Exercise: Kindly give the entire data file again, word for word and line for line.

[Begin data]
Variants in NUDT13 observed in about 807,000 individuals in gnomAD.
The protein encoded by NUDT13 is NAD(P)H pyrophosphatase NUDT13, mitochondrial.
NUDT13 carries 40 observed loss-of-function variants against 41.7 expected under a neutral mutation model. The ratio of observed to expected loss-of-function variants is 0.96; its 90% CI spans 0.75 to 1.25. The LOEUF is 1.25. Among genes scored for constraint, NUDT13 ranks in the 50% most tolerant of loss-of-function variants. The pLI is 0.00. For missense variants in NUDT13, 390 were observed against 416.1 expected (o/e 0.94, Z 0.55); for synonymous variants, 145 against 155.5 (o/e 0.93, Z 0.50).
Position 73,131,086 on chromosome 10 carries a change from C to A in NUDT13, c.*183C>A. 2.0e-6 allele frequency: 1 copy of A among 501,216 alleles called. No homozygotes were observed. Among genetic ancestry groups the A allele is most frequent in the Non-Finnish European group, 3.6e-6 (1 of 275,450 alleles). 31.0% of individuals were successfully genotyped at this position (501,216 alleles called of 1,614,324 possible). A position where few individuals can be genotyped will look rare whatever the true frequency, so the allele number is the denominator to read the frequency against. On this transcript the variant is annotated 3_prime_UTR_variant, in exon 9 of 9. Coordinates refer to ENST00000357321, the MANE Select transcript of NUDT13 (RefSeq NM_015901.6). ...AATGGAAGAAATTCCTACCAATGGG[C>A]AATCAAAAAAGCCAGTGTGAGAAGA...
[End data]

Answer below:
Variants in NUDT13 observed in about 807,000 individuals in gnomAD.
The protein encoded by NUDT13 is NAD(P)H pyrophosphatase NUDT13, mitochondrial.
NUDT13 carries 40 observed loss-of-function variants against 41.7 expected under a neutral mutation model. The ratio of observed to expected loss-of-function variants is 0.96; its 90% CI spans 0.75 to 1.25. The LOEUF is 1.25. Among genes scored for constraint, NUDT13 ranks in the 50% most tolerant of loss-of-function variants. The pLI is 0.00. For missense variants in NUDT13, 390 were observed against 416.1 expected (o/e 0.94, Z 0.55); for synonymous variants, 145 against 155.5 (o/e 0.93, Z 0.50).
Position 73,131,086 on chromosome 10 carries a change from C to A in NUDT13, c.*183C>A. 2.0e-6 allele frequency: 1 copy of A among 501,216 alleles called. No homozygotes were observed. Among genetic ancestry groups the A allele is most frequent in the Non-Finnish European group, 3.6e-6 (1 of 275,450 alleles). 31.0% of individuals were successfully genotyped at this position (501,216 alleles called of 1,614,324 possible). A position where few individuals can be genotyped will look rare whatever the true frequency, so the allele number is the denominator to read the frequency against. On this transcript the variant is annotated 3_prime_UTR_variant, in exon 9 of 9. Coordinates refer to ENST00000357321, the MANE Select transcript of NUDT13 (RefSeq NM_015901.6). ...AATGGAAGAAATTCCTACCAATGGG[C>A]AATCAAAAAAGCCAGTGTGAGAAGA...